What To Eat and Drink in Ireland

Irish food isn’t all potatoes, beer, and carbs. A lot of the meals eaten in Ireland are similar to the states.  The food comes straight from a farmer’s field and is not genetically modified. The fruit tastes crisper and the veggies are fresher even if they go bad quicker than hoped. But appropriately so, most of our favorite delicacies fall under that vast carb-loaded category.

Just a forewarning: If you want to lose 7 pounds, you chose the wrong country for that.

Cue a semester or weekend trip of butter, potatoes, garlic chips, Guinness, and so much more. Here is the breakdown on how to eat your way through Ireland:

Scones and Tea:

To enjoy scones, you must use homemade jam, you must use real butter, and for best results, eat them straight out of the oven.

SconesHand in hand with your cup of Barry’s tea, limit yourself to two (okay maybe three) servings. If scones are not available and tea is in your mug, open the press and grab some digestives. Digestives? Digestives are cookies or biscuits, with a coat of dark chocolate on one end: perfect for dipping into your Barry’s branded tea. If tea isn’t your thing then maybe it’s time to spice up your beloved American coffee with a bit of Irish influence. A swig of Bailey’s: Irish whiskey and cream based liqueur should get you assimilated.  If you find yourself at a pub and Guinness is just too dark to handle, do yourself a favor and order a true Irish Coffee. The cream layer at the top is a little too heavenly, masking any bitter whiskey aftertaste.


Irish Coffee


With the mention of alcohol, I must introduce you to Arthur Guinness. Black, malty, filling, or as some call it, “old man drink.” While you enjoy this staple of Irish culture, remember to first inhale, fill your mouth, swallow and then exhale in order to get the full taste. We can attest that this process actually does enhance the taste. Also, not that not too many Irish people actually drink Guinness – they’re drinking Budweiser, Carlsberg, Heineken or Murphy’s. (The cheaper option being Foster’s, for college kids of course.)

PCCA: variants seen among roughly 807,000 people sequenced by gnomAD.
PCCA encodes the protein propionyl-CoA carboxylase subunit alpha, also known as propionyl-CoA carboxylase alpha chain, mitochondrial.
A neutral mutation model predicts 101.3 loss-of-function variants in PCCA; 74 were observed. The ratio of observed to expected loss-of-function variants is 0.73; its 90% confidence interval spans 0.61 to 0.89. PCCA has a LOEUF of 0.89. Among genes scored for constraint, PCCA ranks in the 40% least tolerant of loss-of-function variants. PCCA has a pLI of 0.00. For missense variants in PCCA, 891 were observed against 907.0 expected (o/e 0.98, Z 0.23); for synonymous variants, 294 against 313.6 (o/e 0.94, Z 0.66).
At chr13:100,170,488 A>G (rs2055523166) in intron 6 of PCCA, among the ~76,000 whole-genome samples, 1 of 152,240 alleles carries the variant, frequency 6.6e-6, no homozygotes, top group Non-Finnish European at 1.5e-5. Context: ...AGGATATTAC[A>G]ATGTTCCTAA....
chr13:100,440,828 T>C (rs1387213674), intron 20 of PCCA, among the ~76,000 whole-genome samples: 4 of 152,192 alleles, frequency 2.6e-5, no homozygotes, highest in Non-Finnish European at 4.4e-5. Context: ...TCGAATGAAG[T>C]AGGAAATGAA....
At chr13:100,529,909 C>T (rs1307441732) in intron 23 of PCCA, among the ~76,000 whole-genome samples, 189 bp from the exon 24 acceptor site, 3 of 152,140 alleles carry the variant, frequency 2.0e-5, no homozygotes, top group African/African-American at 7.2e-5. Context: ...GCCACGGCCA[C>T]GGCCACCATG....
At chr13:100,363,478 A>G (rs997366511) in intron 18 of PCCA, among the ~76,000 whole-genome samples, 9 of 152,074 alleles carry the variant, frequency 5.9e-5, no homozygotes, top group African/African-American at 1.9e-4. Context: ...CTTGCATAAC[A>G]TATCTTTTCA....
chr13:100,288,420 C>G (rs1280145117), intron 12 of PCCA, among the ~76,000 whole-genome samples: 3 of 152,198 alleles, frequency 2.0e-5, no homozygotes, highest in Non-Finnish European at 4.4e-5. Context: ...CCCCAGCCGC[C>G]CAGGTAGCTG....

*Insider tip: if you hate Guinness but want to drink it while out, ask for a little blackcurrant from the bartender. This is a nice berry flavor will mask the intensity of the Guinness.

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Traditional Meals:

A traditional meal in Ireland can consist of bacon or ham, with a side of cabbage or mash. Irish Beef? It’s delicious – always fresh and flavorful. Better yet, try Irish Lamb. It is incredible here, it is cooked so tenderly that the meat literally falls off the bone and usually unto a delicious gravy speckled with fresh vegetables or potatoes.

Bacon, cabbage, mash


Ireland loves them. A quick run through of the most popular; French fries are called chips and they’re often paired with garlic sauce or garlic mayonnaise. There’s mash, which is mashed potatoes. Roasted potatoes out of the oven are typically coated in layers of garlic and oil. Croquettes are breaded, fried pockets of mashed potatoes – essentially a far better version of french fries than you could ever imagine.

An Irish Breakfast:

Consists of everything you could hope for. Fried eggs, toast, beans, mushrooms, tomatoes, and rashers. Rashers are basically a bigger version of our bacon and they are dangerously addictive. It may take a few rounds to fall in love with the sweet brown beans slathered over toast. The key components that make a Full Irish Breakfast full are the portions of black and white pudding. Wait, what? Pudding for breakfast? It’s not pudding as we know it – these are sausage patty shaped pieces of meat. White pudding is made from pork meat and fat, suet and oatmeal and it tastes like sausage. Black pudding is where things get weird – it’s black because of the high blood content in the pork patty. Don’t think, just eat. 


By this quick list, you can tell that some Irish meals are homegrown and heavy. But not to worry the light-hearted and sing-songy Irish personalities will lift your energy level right back up or a cup of tea should do the trick.  

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